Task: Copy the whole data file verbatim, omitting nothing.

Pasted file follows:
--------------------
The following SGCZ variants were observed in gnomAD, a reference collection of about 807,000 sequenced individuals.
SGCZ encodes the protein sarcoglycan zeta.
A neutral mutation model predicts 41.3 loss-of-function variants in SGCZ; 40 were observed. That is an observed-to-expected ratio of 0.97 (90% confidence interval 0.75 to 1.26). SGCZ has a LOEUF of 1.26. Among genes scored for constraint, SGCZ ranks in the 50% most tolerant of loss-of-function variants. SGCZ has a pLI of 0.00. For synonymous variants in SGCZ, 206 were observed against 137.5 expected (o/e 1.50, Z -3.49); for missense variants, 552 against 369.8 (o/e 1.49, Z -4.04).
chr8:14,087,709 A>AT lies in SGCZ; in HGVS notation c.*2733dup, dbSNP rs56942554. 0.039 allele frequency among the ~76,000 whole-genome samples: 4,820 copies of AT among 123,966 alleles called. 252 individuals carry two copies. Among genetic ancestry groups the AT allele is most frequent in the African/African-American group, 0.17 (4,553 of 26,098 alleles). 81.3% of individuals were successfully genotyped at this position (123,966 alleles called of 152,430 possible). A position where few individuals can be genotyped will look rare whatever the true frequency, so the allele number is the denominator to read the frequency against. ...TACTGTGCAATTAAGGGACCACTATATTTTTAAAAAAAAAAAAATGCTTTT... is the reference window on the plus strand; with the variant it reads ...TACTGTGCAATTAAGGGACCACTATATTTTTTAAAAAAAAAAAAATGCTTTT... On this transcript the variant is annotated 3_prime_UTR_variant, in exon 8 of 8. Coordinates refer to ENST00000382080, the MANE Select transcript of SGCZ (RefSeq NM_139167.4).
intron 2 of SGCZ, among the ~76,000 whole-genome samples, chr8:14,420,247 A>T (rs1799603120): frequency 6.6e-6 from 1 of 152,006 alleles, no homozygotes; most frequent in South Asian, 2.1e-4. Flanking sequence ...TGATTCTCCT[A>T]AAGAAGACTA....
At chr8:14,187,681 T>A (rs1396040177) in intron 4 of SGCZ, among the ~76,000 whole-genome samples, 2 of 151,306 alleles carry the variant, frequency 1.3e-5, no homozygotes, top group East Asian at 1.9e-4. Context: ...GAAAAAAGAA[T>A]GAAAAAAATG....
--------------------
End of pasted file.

The following SGCZ variants were observed in gnomAD, a reference collection of about 807,000 sequenced individuals.
SGCZ encodes the protein sarcoglycan zeta.
A neutral mutation model predicts 41.3 loss-of-function variants in SGCZ; 40 were observed. That is an observed-to-expected ratio of 0.97 (90% confidence interval 0.75 to 1.26). SGCZ has a LOEUF of 1.26. Among genes scored for constraint, SGCZ ranks in the 50% most tolerant of loss-of-function variants. SGCZ has a pLI of 0.00. For synonymous variants in SGCZ, 206 were observed against 137.5 expected (o/e 1.50, Z -3.49); for missense variants, 552 against 369.8 (o/e 1.49, Z -4.04).
chr8:14,087,709 A>AT lies in SGCZ; in HGVS notation c.*2733dup, dbSNP rs56942554. 0.039 allele frequency among the ~76,000 whole-genome samples: 4,820 copies of AT among 123,966 alleles called. 252 individuals carry two copies. Among genetic ancestry groups the AT allele is most frequent in the African/African-American group, 0.17 (4,553 of 26,098 alleles). 81.3% of individuals were successfully genotyped at this position (123,966 alleles called of 152,430 possible). A position where few individuals can be genotyped will look rare whatever the true frequency, so the allele number is the denominator to read the frequency against. ...TACTGTGCAATTAAGGGACCACTATATTTTTAAAAAAAAAAAAATGCTTTT... is the reference window on the plus strand; with the variant it reads ...TACTGTGCAATTAAGGGACCACTATATTTTTTAAAAAAAAAAAAATGCTTTT... On this transcript the variant is annotated 3_prime_UTR_variant, in exon 8 of 8. Coordinates refer to ENST00000382080, the MANE Select transcript of SGCZ (RefSeq NM_139167.4).
intron 2 of SGCZ, among the ~76,000 whole-genome samples, chr8:14,420,247 A>T (rs1799603120): frequency 6.6e-6 from 1 of 152,006 alleles, no homozygotes; most frequent in South Asian, 2.1e-4. Flanking sequence ...TGATTCTCCT[A>T]AAGAAGACTA....
At chr8:14,187,681 T>A (rs1396040177) in intron 4 of SGCZ, among the ~76,000 whole-genome samples, 2 of 151,306 alleles carry the variant, frequency 1.3e-5, no homozygotes, top group East Asian at 1.9e-4. Context: ...GAAAAAAGAA[T>A]GAAAAAAATG....